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Reader Comments (15)
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Irrelevant and culturally biased?
Posted by ramy on 27 Sep 2010 at 23:56 GMT
Previous researchers have suggested wind setdown as a possible hydrodynamic explanation for Moses crossing the Red Sea, as described in Exodus 14
I find this statement irrelevant to the scientific topic and also culturally biased.
Here is my reasoning:
1) Normally, the Abstract should summarize the paper and not advance a new (here pivotal) idea that is not explicitly mentioned in the paper (or that was perhaps removed in the peer review process?).
2) While about 50-60% of the world inhabitants (perhaps?) may be familiar with "Moses," because of their religious or cultural background, billions in the world are not familiar with that story and do not share the same cultural background as the middle-eastern or Greco-Roman cultures that may have dominated the Western world until recently. I find it unprofessional to mention this story in an international journal with neither a footnote or reference (not even a reference to the original text or its translation). Such issue could have best been discussed in a blog post or a news feature about the article, but having it in the heart of a scholarly document is unusual.
The Abstract Background refers to Exodus 14, which looks like a reference to a translation of the original text. Or do I misunderstand your second point?
1) The PLoS ONE Guidelines for Authors state: "Please do not include any citations in the abstract." The Abstract briefly introduces the paper. The Exodus text is mentioned there in the context of previous research. Nof & Paldor  were quite clearly investigating the Exodus story, as were Voltzinger & Androsov . Their research is discussed in detail in section 1.1 Research Background.
2) The sentence about Moses and Exodus gives the context of the earlier publications. If readers are interested in investigating that context further, I encourage them to read those prior papers. Since Moses is mentioned here only in the context of prior research, the "missing" background material should not affect anyone's comprehension of this paper.
I agree that the abstract is not supposed to include citations (in accordance with PLoS style), which is one more reason to explain the context of this tory in the Introduction; however, the point I was trying to make is that the abstract should faithfully summarize the paper and should not include a major idea that is absent, omitted, or concealed in the body of the paper. As far as I understand, the line we're discussing is part of the paper's goal: to test the hypothesis that wind setdown is a possible hydrodynamic explanation for a biblical story. I have failed to find another goal of the paper: I have searched the entire document for the terms "goal", "aim", "purpose," "motivation", "we set out to", "we aimed", "to this end", and have not found any. I am surprised that the author states that the sentence about Moses is related only to "earlier publications" and not this one. On the other hand, the context of this study is explicitly stated in the UCAR/NCAR press release about this paper http://www2.ucar.edu/news... as follows:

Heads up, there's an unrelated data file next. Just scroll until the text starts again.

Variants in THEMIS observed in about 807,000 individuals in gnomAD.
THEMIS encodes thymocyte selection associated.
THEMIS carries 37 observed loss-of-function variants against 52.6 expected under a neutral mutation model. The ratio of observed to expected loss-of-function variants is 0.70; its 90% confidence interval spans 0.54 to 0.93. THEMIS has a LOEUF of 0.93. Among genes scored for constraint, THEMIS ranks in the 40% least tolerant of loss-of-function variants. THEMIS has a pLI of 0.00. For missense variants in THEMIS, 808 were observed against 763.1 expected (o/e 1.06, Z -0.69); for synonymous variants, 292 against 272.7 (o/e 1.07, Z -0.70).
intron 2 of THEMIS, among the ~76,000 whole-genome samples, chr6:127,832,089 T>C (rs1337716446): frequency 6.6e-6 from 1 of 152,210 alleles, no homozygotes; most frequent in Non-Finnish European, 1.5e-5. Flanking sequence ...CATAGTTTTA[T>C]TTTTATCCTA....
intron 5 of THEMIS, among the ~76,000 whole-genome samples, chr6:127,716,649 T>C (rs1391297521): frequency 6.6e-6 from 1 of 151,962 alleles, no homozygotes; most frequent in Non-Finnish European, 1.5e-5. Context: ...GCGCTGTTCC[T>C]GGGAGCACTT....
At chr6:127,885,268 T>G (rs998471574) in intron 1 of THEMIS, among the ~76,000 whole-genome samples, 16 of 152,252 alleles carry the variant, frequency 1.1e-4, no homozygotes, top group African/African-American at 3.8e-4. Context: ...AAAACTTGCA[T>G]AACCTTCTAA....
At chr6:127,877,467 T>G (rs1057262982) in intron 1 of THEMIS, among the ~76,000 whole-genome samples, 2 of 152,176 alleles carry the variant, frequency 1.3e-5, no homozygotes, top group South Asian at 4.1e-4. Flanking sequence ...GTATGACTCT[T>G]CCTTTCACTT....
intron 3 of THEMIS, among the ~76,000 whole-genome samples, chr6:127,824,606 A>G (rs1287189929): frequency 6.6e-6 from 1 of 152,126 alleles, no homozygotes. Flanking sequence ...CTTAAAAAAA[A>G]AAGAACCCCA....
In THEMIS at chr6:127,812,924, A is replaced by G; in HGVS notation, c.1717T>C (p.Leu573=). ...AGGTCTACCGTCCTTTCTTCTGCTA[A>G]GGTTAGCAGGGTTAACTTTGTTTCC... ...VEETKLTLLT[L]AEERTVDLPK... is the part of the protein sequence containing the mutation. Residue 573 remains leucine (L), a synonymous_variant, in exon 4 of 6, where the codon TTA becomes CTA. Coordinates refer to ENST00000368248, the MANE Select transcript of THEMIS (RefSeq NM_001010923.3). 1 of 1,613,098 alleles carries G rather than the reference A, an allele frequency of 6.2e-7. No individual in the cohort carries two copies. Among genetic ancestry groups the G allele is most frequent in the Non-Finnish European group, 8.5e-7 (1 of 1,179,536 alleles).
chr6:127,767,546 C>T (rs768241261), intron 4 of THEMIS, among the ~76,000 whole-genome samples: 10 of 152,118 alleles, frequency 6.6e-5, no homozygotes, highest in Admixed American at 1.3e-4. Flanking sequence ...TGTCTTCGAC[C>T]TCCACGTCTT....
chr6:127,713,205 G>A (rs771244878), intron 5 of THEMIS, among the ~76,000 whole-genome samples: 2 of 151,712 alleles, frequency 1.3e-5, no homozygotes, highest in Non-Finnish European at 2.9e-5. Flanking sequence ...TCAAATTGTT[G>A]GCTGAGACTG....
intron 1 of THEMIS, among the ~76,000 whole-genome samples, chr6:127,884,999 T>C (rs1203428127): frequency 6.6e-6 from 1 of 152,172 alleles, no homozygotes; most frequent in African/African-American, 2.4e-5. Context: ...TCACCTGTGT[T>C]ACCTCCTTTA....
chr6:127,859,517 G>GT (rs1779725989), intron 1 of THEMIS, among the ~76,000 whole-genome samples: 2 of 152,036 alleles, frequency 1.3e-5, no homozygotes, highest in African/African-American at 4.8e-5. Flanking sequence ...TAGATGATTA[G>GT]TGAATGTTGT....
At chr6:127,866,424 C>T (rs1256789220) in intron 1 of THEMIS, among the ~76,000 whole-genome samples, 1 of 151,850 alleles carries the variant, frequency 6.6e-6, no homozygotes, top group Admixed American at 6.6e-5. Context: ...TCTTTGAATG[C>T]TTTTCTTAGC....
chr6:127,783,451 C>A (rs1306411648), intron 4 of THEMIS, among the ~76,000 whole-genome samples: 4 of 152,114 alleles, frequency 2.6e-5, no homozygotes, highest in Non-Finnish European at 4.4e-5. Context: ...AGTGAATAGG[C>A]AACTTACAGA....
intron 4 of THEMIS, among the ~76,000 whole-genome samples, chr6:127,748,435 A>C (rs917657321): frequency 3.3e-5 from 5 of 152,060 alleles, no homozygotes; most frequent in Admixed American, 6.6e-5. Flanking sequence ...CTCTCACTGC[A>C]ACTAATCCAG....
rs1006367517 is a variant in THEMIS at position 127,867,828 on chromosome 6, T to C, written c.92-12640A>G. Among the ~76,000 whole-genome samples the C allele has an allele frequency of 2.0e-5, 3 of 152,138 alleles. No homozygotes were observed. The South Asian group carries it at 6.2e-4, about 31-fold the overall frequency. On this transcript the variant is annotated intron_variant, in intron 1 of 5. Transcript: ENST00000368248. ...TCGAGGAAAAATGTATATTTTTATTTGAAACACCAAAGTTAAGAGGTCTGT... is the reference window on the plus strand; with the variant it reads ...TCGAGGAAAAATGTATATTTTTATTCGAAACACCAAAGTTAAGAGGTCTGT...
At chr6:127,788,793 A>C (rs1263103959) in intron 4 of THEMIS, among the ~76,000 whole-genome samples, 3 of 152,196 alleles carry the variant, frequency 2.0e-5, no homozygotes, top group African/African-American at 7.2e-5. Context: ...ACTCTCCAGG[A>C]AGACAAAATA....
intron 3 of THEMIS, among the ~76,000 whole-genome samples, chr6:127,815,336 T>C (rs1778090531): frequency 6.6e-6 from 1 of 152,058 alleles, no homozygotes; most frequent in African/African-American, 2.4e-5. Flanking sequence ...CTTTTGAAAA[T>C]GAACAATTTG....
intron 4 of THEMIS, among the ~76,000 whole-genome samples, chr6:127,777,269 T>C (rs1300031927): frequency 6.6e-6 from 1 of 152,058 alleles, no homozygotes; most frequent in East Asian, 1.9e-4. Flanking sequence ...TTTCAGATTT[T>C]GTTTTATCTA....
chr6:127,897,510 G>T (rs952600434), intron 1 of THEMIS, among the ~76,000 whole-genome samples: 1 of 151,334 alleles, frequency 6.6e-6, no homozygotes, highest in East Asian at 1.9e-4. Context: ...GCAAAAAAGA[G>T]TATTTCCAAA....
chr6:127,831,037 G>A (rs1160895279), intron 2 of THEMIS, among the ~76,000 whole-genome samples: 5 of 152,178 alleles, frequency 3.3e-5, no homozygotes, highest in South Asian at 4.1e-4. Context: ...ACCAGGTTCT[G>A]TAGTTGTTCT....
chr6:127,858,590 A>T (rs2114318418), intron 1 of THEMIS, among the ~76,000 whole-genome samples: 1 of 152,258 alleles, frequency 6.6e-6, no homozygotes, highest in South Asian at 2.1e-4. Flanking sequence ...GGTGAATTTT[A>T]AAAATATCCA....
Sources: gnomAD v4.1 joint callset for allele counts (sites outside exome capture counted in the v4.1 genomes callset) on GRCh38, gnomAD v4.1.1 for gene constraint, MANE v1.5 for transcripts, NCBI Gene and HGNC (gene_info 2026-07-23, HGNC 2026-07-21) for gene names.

"By pinpointing a possible site south of the Mediterranean Sea for the crossing, the study also could be of benefit to experts seeking to research whether such an event ever took place. Archeologists and Egyptologists have found little direct evidence to substantiate many of the events described in Exodus."
The incidence of including an additional statement in the abstract is not uncommon since sometimes the abstract is written before the paper itself (like in a conference) and, in other instances, some material is removed from the paper during the revision process but could remain in the abstract (intentionally or unintentionally). It is possible that the reviewers have focused on the text but not the abstract.
The danger is obvious. Indexing services (such as PubMed, Science Direct, and ISI Web of Science) include the abstract only. Many students and scholars are likely to judge the entire paper based on the abstract. In this particular case, I believe that much of the debate and the misconceptions about this article in the media arose from a hasty reading of the abstract.
Finally, I still think that even if "Moses" was mentioned in the context of prior research, it is always recommended to cite the original references within references. The lack of space is not a reason since Tulloch's account is quoted and detailed over 15 lines of the Introduction. Moreover, there are numerous translations and interpretations of Exodus 14 and there are many popular folkloric stories about it. Giving a more specific reference and explaining the impact of this story—regardless of its historicity—would have benefited everybody, which is something the first author did very professionally in the master's thesis mentioned in the press release linked above.